http://clarksvillenow.com/local/senator-seeks-photos-of-vietnam-vets-for-memorial-wall/#sthash.6dcWD3uu.dpuf

 

 


Green seeks to put faces and stories with names on The Wall

 

Green seeks to put faces and stories with names on The Wall

Clarksville, TN [July 15] – State Senator Mark Green is seeking photos of Vietnam War veterans from Clarksville and Dover who were killed in action in order to honor the fallen heroes at The Education Center at The Wall, a new facility to be built near the Vietnam Veterans Memorial (‘The Wall’) in Washington, DC. The photos will be part of a multimedia display at The Center.

The effort in Tennessee is part of a national program by the Vietnam Veterans Memorial Fund (VVMF) to put a face with each of the 58,300 names on ‘The Wall.’

“Every one of Tennessee’s heroes deserves to be remembered as more than just a name inscribed in granite,” said Green, “That’s why I am reaching out to my colleagues in the legislature as well as my fellow citizens in Clarksville and Dover so each name has a face and story to go with it.”

“There are 1,295 Tennesseans listed on ‘The Wall.’ We know the faces of 596 of them,” Green said. “We are looking for photos of the 699 remaining faceless heroes so that they are honored in a way they so richly deserve.”

“Somewhere, hidden among your things, there might be a photo of a real hero from the prom, the football game or a long-forgotten family barbecue,” said Green. “By sending it to be included, you’ll help preserve that hero’s face and memory for generations to come.”

Green is seeking photos for the following veterans:

Clarksville: Alvin R Stovall Jr, Army; Ernest L Brown Jr, Navy; Fred E Gold, Army; Gene O Merriweather, Marine Corps; George R Ward Jr, Marine Corps; Irvin E Martin, Army; Jack B Beers, Army; John L Sensing, Army; Robert D Jenkins, Army; Robert D Shoemaker, Army; Walter M Taylor, Army; Woodrow W Vaden, Air Force

Dover: Kenneth L Conner, Army; Stephen C Crabtree, Army

Senator Green said photos can be scanned and submitted via email to win0764@gmail.com, online at www.vvmf.org/Wall-of-Faces or mailed to The Vietnam Veterans Memorial Fund, Attn: Call for Photos, 2600 Virginia Avenue, NW, Suite 104, Washington, DC 20037. Please send a copy of the original photo. VVMF does not want original photos and cannot be responsible for returning photos.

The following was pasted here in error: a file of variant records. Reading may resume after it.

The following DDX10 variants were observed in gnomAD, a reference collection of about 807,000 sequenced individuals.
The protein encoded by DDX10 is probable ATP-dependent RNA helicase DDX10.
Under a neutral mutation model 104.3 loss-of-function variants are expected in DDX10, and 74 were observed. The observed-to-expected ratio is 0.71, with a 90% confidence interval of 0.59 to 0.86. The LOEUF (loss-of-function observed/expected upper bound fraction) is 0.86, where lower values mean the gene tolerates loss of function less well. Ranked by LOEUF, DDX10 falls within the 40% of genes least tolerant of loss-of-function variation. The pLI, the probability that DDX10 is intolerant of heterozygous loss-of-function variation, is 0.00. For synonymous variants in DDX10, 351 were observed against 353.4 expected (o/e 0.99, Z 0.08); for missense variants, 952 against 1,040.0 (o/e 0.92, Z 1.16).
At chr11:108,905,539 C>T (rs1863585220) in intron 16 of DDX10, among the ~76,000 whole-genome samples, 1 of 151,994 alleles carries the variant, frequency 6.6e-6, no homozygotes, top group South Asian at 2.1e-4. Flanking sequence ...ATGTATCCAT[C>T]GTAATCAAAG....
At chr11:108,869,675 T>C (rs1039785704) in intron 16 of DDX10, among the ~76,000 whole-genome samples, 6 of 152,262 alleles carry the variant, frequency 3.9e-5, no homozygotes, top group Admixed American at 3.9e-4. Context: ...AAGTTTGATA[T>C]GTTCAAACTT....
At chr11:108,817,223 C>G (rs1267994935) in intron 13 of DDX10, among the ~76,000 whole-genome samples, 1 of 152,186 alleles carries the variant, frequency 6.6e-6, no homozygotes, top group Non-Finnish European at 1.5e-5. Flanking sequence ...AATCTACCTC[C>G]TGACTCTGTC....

To view the photos that have already been submitted or see if someone you know is among those without a photo, please visit The Wall of Faces website at www.vvmf.org/Wall-of-Faces.

http://www.theleafchronicle.com/viewart/20140715/NEWS01/307150022/Green-seeks-put-faces-stories-names-Wall

 


Photos sought of those killed in Vietnam

 

Standing before a half-scale replica of the Vietnam Veterans Memorial, State Sen. Mark Green, MD, last week called for Tennesseans to search their photo albums for photographs of those who were killed in Vietnam.

In addition, Green implored his fellow state legislators from across the nation to join Tennessee in the search for the remaining 22,000-plus photos of Vietnam heroes.

The photos are needed for a multimedia display at the new Education Center at the Wall, a facility that will be built between the existing Wall and the Lincoln Memorial in Washington, D.C. The display, Dr. Green said, will “bring the names on ‘The Wall’ to life, to teach future generations that these were living, breathing men and women — not just names carved in granite.

“There are 1,295 Tennesseans whose names are on ‘The Wall’ in Washington, but we’ve found photos of only 596,” Green said. “In attics and scrapbooks all over Tennessee are the photos of 699 heroes who deserve to be remembered. Your snapshot will help preserve the story of an American hero for generations to come.”

Photos are needed of three local heroes, Robert D. Armstrong and Robert D. Williams, Jr., of Fayetteville and Joe H. Moorehead of Kelso. There is already a photo of another Lincoln County hero, Stanley Sullivan, who also lost his life in Vietnam.

According to the Vietnam Veterans Memorial Fund (VVMF) this is the first time a state legislature has taken on such a task.

“The photo collection is a mission my colleagues from across Tennessee and the country should take on wholeheartedly. We can honor the men and women who gave all and respect those who returned home from the Vietnam War,” Green said.

“The photo project brings a personal touch of remembrance to those Americans who served and paid the ultimate sacrifice for their country. Without the public’s help, the memory of these men and women may be forgotten,” VVMF Founder and President Jan C. Scruggs said.

The event featured remarks by retired Lieutenant General Hugh Smith, a decorated Vietnam veteran who served in high-ranking and sensitive military posts before retiring to become chief operating officer of both the Nashville International Airport and John C. Tune General Aviation.

Other dignitaries at the “Faces of Valor” rally included Senators Rusty Crowe (R-Johnson City) and Delores R. Gresham (R-Somerville); Tennessee Commissioner of Veterans Affairs Mary-Bears Grinder; former Commissioner Fred Tucker; retired General Gary E. Luck, senior advisor, U.S Joint Forces Command; retired Lieutenant Colonel Bud Guenther; retired Navy Corpsman Thurman “Doc” Mullins; and Michelle Selesky, whose father was a Vietnam veteran.